Biden designates more top White House staffers

By Timothy Cama | 11/17/2020 01:31 PM EST

President-elect Joe Biden is filling out the top ranks of his White House staff, hiring a handful of longtime allies to be his top advisers.

President-elect Joe Biden announced more White House aides for the new administration this morning.

President-elect Joe Biden announced more White House aides for the new administration this morning. Claudine Hellmuth/E&E News(graphic); Gage Skidmore/Flickr(Biden and Harris)

This story was updated at 1:55 p.m. EST.

President-elect Joe Biden is filling out the top ranks of his White House staff, hiring a handful of longtime allies to be his top advisers.

The new staffers include Jen O’Malley Dillon, who managed Biden’s campaign and will be his deputy chief of staff following his Jan. 20 inauguration. Rep. Cedric Richmond (D-La.) will leave Congress to lead Biden’s White House Office of Public Engagement.


The announcements follow last week’s reveal that Ronald Klain, Biden’s first chief of staff from his time as vice president, will again be his chief of staff as president.

"I am proud to announce additional members of my senior team who will help us build back better than before," Biden said in a statement.

"America faces great challenges, and they bring diverse perspectives and a shared commitment to tackling these challenges and emerging on the other side a stronger, more united nation," he said.

Klain said, "The team we have already started to assemble will enable us to meet the challenges facing our country on day one."

The announcement came despite President Trump’s continued refusal to acknowledge that Biden won this month’s presidential election.

Trump is fighting long-shot lawsuits in numerous states to try to change election results in his favor, while Emily Murphy, his General Services Administration chief, has declined to "ascertain" Biden as the winner, preventing the former vice president’s transition team from accessing certain funds and meeting with federal agency officials.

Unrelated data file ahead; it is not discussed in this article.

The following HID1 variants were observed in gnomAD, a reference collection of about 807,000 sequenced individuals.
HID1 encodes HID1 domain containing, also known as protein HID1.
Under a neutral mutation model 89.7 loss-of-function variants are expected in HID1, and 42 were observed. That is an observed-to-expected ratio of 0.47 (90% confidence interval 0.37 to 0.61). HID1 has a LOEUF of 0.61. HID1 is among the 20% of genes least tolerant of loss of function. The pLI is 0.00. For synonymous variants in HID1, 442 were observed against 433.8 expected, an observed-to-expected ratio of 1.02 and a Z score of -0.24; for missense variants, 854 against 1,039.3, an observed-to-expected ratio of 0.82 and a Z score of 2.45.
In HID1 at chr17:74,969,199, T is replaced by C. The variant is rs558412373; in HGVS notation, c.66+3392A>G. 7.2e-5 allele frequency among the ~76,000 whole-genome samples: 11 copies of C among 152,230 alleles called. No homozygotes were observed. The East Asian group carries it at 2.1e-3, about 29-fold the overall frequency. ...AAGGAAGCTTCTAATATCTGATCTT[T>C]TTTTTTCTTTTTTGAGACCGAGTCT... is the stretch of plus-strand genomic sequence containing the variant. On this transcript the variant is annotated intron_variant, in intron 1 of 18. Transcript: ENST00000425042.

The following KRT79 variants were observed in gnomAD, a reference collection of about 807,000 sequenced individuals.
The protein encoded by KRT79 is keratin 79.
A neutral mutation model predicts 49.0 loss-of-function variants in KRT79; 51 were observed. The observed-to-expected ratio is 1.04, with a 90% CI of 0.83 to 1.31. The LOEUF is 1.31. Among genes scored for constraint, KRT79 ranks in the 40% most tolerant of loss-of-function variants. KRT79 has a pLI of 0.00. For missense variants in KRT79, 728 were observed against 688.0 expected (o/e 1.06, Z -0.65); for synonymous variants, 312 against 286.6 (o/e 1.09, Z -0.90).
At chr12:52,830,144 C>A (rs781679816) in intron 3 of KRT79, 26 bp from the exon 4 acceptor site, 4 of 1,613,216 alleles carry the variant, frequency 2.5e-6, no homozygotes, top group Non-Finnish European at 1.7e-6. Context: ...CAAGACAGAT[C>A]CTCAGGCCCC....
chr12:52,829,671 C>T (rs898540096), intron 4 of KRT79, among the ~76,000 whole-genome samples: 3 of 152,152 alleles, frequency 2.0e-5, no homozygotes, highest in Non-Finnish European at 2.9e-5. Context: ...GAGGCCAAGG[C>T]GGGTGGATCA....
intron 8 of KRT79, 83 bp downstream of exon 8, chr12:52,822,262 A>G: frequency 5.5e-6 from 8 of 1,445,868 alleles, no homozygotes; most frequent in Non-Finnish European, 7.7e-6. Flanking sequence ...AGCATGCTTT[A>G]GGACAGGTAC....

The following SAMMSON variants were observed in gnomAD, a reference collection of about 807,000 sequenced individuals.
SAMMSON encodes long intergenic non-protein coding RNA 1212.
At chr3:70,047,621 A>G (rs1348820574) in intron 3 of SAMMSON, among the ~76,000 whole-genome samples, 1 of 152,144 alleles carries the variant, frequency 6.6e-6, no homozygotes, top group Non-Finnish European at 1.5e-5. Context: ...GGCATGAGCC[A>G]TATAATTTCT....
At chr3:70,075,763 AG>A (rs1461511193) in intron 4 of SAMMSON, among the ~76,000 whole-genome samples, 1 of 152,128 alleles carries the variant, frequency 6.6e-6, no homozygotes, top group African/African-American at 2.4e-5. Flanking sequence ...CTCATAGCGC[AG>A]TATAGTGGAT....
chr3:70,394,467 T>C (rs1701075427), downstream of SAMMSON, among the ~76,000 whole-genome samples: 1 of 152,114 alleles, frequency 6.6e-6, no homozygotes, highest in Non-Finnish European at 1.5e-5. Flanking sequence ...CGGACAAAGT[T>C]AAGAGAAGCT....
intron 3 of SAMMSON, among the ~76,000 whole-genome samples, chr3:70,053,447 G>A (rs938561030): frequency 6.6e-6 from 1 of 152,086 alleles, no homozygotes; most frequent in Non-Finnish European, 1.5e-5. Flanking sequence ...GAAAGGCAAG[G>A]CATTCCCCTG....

Richmond’s job was first reported yesterday in numerous media outlets. He confirmed his position this morning at a New Orleans news conference, just before Biden’s announcement.

Richmond, a national co-chairman of Biden’s campaign and former Congressional Black Caucus leader, told reporters he would not have accepted the job if "I did not think that this new role would serve Louisiana better than my past role."

"And so this new role will allow me to offer advice to the president when he wants it, maybe sometimes when he doesn’t," Richmond continued. "I will also be in office in the West Wing, and when you talk about the needs of Louisiana, you want someone in the West Wing."

Richmond’s 2nd District seat, which represents most of New Orleans, will be filled by a special election. He declined today to endorse a successor.

The Sunrise Movement, which has been pushing for months for Biden to swear off any personnel with fossil fuel industry ties, slammed Richmond in a statement.

"Today feels like a betrayal, because one of President-Elect Biden’s very first hires for his new administration has taken more donations from the fossil fuel industry during his Congressional career than nearly any other Democrat, cozied up to Big Oil and Gas, and stayed silent and ignored meeting with organizations in his own community while they suffered from toxic pollution and sea-level rise," said Varshini Prakash, the group’s co-founder. "That’s a mistake, and it’s an affront to young people who made President-Elect Biden’s victory possible."

Progressive group Justice Democrats went after Richmond in a statement of their own, and also criticized Steve Ricchetti, who will become counselor to the president. Ricchetti, who chaired Biden’s campaign, formerly lobbied for pharmaceutical companies.

"A Biden administration dominated by corporate-friendly insiders like Steve Ricchetti and Cedric Richmond will not help the President-elect usher in the most progressive Democratic administration in generations," Alexandra Rojas, the group’s executive director, said in the statement.

The other Biden advisers announced today:

  • Mike Donilon, the former chief strategist for Biden’s campaign, will be a senior adviser.
  • Dana Remus, the campaign’s general counsel, will become counsel to Biden.
  • Julie Rodriguez, who was a deputy campaign manager, will lead the White House Office of Intergovernmental Affairs.
  • Annie Thompson, traveling chief of staff for Biden’s transition, will become director of Oval Office Operations.

The transition also announced two lead staffers for Biden’s wife, Jill Biden: Julissa Reynoso Pantaleon, the former ambassador to Uruguay under President Obama, will become the first lady’s chief of staff, and Anthony Bernal, who was Jill Biden’s campaign chief of staff, will be her senior adviser at the White House.

Read more about power players and policy changes after the elections in the E&E News special report POWER SHIFT.